Collieman, I barely got to know you as the vocal sidekick of Bregt 'Puraman' De Boever of Pura Vida and already you released your first solo album. It all seems to have gone quite fast.
Collieman: "Where the album is concerned, things all happened rather quickly, yes, but apart from that I've been active in music for quite some time already. Like so many others I started my musical journey attending music school. After that I abandoned music for a while until my sister encouraged me to go to Summerjam. That festival would prove to be a real eye opener for me. When I got home I immediately started searching for more information about the genre of music that had swept me off my feet. The first band I joined was called Jah Generation. I actually had to try and convince the rest of the band to give reggae a chance, because they had their minds set on becoming a rock band."
How exactly did you link up with Pura Vida?
Collieman: "Jah Generation often shared the same bill and we often opened for them as well. That way I got to know Bregt. We then decided to record a song together and soon after he asked me if I would be up for joining Pura Vida on stage as an extra vocalist."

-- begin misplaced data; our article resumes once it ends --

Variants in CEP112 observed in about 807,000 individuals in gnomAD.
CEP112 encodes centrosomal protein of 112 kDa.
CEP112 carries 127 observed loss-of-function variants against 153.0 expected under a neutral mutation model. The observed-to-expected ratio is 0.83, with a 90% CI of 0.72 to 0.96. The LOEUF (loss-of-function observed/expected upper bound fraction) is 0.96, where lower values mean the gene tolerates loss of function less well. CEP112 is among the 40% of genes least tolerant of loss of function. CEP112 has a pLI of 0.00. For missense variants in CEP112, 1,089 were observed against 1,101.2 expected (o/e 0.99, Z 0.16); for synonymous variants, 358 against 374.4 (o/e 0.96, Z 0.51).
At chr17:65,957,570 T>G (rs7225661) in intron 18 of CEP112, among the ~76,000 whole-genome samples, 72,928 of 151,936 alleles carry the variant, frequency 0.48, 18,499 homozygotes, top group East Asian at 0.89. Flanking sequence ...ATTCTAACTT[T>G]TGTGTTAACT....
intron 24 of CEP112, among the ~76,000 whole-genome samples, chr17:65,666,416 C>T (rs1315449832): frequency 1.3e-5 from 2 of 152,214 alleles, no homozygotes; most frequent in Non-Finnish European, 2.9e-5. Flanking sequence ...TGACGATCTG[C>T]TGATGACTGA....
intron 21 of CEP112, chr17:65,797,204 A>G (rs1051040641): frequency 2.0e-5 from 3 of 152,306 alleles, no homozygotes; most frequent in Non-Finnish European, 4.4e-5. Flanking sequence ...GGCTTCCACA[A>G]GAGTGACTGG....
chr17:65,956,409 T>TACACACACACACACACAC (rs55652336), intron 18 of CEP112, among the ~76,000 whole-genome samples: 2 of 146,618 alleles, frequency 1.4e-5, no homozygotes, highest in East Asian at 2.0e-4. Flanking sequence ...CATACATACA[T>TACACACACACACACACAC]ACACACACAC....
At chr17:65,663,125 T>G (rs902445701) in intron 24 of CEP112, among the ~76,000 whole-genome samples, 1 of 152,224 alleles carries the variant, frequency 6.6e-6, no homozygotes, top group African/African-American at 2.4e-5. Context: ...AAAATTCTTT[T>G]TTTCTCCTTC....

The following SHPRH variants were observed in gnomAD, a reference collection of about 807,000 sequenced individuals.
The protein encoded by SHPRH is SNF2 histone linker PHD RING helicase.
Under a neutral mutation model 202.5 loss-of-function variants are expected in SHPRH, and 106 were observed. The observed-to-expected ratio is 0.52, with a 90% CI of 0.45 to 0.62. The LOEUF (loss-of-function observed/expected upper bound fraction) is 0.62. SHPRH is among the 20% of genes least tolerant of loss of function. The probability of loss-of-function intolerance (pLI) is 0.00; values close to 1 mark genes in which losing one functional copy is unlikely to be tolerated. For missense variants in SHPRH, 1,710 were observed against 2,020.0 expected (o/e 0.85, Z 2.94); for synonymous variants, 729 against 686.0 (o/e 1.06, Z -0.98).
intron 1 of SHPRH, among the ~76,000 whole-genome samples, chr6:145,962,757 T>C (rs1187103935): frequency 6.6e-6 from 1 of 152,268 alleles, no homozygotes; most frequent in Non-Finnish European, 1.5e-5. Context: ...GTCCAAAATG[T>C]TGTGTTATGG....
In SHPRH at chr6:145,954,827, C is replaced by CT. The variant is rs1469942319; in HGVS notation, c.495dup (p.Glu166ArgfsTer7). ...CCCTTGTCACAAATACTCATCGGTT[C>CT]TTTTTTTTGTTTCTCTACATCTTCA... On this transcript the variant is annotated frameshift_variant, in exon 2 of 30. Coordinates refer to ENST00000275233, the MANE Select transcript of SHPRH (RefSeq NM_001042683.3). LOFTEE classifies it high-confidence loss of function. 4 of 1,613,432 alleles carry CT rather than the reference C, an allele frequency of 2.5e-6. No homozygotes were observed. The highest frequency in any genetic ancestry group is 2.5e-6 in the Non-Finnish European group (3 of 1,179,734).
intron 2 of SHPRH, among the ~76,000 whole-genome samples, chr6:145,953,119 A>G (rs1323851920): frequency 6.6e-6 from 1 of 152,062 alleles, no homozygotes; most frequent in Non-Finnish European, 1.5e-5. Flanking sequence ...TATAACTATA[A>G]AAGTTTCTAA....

What attracted you to reggae music? Was it the rhythm or the content of the songs?
Collieman: "A bit of both, really. Musically speaking it's a groove that can really get me going, but at the same time I've always paid a lot of attention to the lyrics of the music I was listening to and I found that in reggae you often find a very positive message."
Can you name a few artists who inspired you?
Collieman: "I listen to quite a diverse range of reggae artists, from a group like Groundation to a singjay like Sizzla, really. Groundation has been of particular importance, because at the time when I was still a member of Jah Generation, we really looked up to them and I think I can safely say their vibe was defining for the music we were playing. I also want to mention Horace Andy and more recently Tarrus Riley. I don't feel bound by one genre, though; I also listen to a lot of jazz music - Dave Brubeck (American jazz pianist. He has written a number of jazz standards, including 'In Your Own Sweet Way' and 'The Duke'. Brubeck's style ranges from refined to bombastic, reflecting his mother's attempts at classical training and his improvisational skills. His music is known for employing unusual time signatures, and superimposing contrasting rhythms, meters, and tonalities. His long-time musical partner, alto saxophonist Paul Desmond, wrote the Dave Brubeck Quartet's best remembered piece, 'Take Five', red.) is definitely among my all-time favorite artists - and even a little rock from time to time. All those different influences will reflect in my own music as well I guess."
You're still very young. What are your ambitions in the music business? What do you want to accomplish?
Collieman: "At this moment I'm just trying to grab each opportunity that presents itself. I don't want to overthink my goals just yet. The collaboration with Asham is something I'm really enjoying. Working with a backing band like that opens up a lot more possibilities for you as a singer and I'm really curious how that will develop in the future."